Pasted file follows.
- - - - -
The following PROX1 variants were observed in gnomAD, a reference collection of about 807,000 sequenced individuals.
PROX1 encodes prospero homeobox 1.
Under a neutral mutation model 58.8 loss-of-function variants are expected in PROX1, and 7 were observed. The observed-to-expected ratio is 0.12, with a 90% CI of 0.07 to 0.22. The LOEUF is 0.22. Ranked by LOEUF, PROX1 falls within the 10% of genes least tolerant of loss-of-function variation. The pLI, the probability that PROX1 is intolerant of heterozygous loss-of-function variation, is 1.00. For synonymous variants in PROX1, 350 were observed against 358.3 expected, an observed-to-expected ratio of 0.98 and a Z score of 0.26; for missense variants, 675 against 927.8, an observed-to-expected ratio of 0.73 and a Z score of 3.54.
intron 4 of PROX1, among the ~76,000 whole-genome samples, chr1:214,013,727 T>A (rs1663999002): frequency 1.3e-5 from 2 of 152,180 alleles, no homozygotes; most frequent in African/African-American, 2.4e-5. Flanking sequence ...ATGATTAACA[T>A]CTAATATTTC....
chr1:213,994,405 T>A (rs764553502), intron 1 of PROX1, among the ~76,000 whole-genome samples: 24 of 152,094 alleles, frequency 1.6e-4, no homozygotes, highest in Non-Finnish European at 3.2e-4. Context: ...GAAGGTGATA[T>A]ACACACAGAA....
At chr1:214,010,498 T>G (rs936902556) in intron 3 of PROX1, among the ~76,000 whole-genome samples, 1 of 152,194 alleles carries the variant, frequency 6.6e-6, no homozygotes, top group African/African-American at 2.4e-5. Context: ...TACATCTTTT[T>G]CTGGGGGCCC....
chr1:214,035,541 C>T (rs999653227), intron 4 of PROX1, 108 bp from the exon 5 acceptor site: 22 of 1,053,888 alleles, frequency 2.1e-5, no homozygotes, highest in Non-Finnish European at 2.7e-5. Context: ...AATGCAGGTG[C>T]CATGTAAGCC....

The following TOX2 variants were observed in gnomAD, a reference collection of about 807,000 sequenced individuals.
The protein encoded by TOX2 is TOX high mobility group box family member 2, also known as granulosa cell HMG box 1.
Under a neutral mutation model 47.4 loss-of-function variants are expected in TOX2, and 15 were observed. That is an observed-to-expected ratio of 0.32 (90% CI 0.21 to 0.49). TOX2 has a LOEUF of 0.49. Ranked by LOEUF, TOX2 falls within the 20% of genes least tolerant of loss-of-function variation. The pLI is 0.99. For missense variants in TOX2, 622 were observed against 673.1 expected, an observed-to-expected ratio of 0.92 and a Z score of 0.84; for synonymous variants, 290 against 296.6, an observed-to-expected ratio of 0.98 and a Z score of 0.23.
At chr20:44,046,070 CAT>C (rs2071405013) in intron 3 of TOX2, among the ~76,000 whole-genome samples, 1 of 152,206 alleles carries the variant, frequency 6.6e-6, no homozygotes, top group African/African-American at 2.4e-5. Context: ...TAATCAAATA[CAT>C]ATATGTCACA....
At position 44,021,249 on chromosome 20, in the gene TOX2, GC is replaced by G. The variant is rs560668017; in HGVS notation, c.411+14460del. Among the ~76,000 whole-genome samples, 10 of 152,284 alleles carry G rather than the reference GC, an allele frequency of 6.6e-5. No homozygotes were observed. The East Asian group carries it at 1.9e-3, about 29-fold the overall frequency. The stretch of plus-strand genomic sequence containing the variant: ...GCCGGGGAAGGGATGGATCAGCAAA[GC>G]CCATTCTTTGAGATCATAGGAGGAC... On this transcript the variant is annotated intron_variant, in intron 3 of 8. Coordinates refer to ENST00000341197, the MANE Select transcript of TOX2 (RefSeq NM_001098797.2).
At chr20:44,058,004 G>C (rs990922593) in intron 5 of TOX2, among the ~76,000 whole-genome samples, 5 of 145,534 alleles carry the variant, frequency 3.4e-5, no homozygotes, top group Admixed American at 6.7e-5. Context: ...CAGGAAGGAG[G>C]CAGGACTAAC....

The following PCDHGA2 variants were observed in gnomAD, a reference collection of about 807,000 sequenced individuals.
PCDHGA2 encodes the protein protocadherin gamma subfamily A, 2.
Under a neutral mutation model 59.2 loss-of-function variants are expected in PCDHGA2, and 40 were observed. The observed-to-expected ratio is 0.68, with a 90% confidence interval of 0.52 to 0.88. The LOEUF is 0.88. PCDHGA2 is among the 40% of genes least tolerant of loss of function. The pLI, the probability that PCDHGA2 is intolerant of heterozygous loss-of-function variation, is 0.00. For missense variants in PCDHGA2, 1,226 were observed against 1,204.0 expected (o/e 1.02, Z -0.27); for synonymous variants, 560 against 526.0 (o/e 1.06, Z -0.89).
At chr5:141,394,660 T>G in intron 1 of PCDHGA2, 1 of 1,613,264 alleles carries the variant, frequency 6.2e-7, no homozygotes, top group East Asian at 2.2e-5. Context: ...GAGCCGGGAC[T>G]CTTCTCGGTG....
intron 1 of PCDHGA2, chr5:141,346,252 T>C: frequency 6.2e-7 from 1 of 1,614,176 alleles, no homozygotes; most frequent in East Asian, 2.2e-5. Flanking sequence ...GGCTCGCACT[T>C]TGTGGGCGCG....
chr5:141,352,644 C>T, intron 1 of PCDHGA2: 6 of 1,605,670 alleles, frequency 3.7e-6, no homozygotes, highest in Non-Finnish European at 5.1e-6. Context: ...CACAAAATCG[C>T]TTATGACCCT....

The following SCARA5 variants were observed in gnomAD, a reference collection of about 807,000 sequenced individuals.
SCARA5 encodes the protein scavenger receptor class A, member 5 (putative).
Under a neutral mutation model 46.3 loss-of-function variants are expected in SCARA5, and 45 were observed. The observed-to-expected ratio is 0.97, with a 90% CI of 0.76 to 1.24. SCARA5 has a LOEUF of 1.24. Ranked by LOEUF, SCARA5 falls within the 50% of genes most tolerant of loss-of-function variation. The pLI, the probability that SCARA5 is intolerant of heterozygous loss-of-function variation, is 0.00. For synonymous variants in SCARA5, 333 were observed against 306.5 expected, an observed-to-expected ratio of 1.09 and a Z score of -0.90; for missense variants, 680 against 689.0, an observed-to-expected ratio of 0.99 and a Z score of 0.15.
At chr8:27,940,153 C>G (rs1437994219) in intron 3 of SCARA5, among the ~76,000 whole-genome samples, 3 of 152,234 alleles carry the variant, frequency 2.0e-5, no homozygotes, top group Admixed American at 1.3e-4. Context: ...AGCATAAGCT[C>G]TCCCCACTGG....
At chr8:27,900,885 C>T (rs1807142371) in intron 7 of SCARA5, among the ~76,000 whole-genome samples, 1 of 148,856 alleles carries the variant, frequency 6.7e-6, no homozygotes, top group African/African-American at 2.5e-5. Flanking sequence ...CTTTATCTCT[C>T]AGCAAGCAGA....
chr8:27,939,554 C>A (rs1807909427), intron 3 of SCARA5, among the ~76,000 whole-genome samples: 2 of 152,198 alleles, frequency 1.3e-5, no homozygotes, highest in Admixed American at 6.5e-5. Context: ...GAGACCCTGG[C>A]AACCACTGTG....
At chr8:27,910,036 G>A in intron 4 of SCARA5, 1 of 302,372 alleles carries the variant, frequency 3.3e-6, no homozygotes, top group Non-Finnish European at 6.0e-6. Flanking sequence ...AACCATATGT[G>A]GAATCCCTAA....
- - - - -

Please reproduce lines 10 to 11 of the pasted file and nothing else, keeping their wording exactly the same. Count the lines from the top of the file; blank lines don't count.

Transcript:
Under a neutral mutation model 47.4 loss-of-function variants are expected in TOX2, and 15 were observed. That is an observed-to-expected ratio of 0.32 (90% CI 0.21 to 0.49). TOX2 has a LOEUF of 0.49. Ranked by LOEUF, TOX2 falls within the 20% of genes least tolerant of loss-of-function variation. The pLI is 0.99. For missense variants in TOX2, 622 were observed against 673.1 expected, an observed-to-expected ratio of 0.92 and a Z score of 0.84; for synonymous variants, 290 against 296.6, an observed-to-expected ratio of 0.98 and a Z score of 0.23.
At chr20:44,046,070 CAT>C (rs2071405013) in intron 3 of TOX2, among the ~76,000 whole-genome samples, 1 of 152,206 alleles carries the variant, frequency 6.6e-6, no homozygotes, top group African/African-American at 2.4e-5. Context: ...TAATCAAATA[CAT>C]ATATGTCACA....